Armed guards only... What is the point in having an unarmed guard unless he is watching a building.

    Stores often have them stand at the entry door. Makes them visible when criminals enter. Snatch 'em up when they try to walk out with store goods. But makes it easy for criminals to take down right away. I like the idea of having them elsewhere.

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    Leo229,

    I find your comments not relating to the situation

    One comment assumes the owner would have his employees armed to defend the business. That could results in lawsuits but not related to the original poster's message

    The second is if a business doesn't disallow their employees from carrying. Letting their employee ccw on premise for their self defense is a seperate issue

    Why should their be able to live depend on the quality of the guard you hired. BTW:If you hired someone not up to the task, the employees families would be able to sue you.

    Also you seem to think an employee CCWing would scare your customers. If it's really concealed, they wouldn't know.




    LEO 229 wrote:
    HardChrome wrote:
    http://www.dailypress.com/news/dp-20...r_tab01_layout

    Yet another easy hit for the bad guys since most buysinesses will not allow their employees to be armed with anything more than a phone that can dial 911.

    I like carrying my revolver but things like this make me want to start carrying my hi-capacity Browning more. Grrrr.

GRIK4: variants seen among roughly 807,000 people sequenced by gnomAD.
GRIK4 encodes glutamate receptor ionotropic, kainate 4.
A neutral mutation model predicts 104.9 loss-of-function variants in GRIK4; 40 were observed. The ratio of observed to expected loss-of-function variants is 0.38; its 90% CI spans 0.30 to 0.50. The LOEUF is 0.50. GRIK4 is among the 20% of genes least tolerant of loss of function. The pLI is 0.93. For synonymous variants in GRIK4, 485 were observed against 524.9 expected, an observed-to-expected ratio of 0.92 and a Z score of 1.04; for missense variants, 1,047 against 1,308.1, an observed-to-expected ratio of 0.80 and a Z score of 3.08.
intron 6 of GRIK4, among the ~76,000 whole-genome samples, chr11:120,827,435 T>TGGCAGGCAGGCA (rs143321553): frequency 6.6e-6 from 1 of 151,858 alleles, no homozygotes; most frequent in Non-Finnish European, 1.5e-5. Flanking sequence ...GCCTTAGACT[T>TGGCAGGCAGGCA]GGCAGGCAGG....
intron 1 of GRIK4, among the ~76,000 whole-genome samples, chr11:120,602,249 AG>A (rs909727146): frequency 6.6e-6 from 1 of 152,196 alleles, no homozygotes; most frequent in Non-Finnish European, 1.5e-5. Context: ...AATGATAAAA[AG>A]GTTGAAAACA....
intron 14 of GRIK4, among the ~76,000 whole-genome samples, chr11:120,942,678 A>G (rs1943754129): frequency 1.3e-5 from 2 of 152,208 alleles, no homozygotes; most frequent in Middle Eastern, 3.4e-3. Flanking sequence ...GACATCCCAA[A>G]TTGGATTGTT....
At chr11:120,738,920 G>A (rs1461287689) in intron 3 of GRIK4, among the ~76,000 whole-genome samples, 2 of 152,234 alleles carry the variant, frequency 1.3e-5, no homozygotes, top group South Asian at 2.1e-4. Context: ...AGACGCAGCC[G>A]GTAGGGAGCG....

As a business owner myself.... I would not trust my employees to be armed and shoot criminals.They aretoo inexperienced and lack the training to make those decisions.

    The legal ramifications could bankrupt my company if I were to be sued. We all know that thefamily of a dead bad guy can sue even if he was committing a crime. The law needs to change on this!!

    I am in business to make money.... Armed employees can scare away customers. Accidental discharges can scare away morecustomers and get you sued.

    If my business is likely to be robbed.. I will hire a guard.

    If the employee wants to be armed... He can find employment elsewhere.


    EDIT: I am all for the people being armed... But when something you do can hurt me financially... I have to draw the line.

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    I doubt that he was referring to concealed carry. No one would be frightened by that for sure. But as we know, some would inherently pull out their weapons to show to others for example which would invite trouble of all sorts. No owner could be guarateed that his armed employees would keep their hands off their weapons while they are working. I'd be willing to be that accidental discharges would be rampant. But chances are, the only ones who would carry would be the likes of us who are probably pretty well versed at carrying and using and not likely to play show and tell.


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    HardChrome wrote:
    I doubt that he was referring to concealed carry. No one would be frightened by that for sure. But as we know, some would inherently pull out their weapons to show to others for example which would invite trouble of all sorts. No owner could be guarateed that his armed employees would keep their hands off their weapons while they are working. I'd be willing to be that accidental discharges would be rampant. But chances are, the only ones who would carry would be the likes of us who are probably pretty well versed at carrying and using and not likely to play show and tell.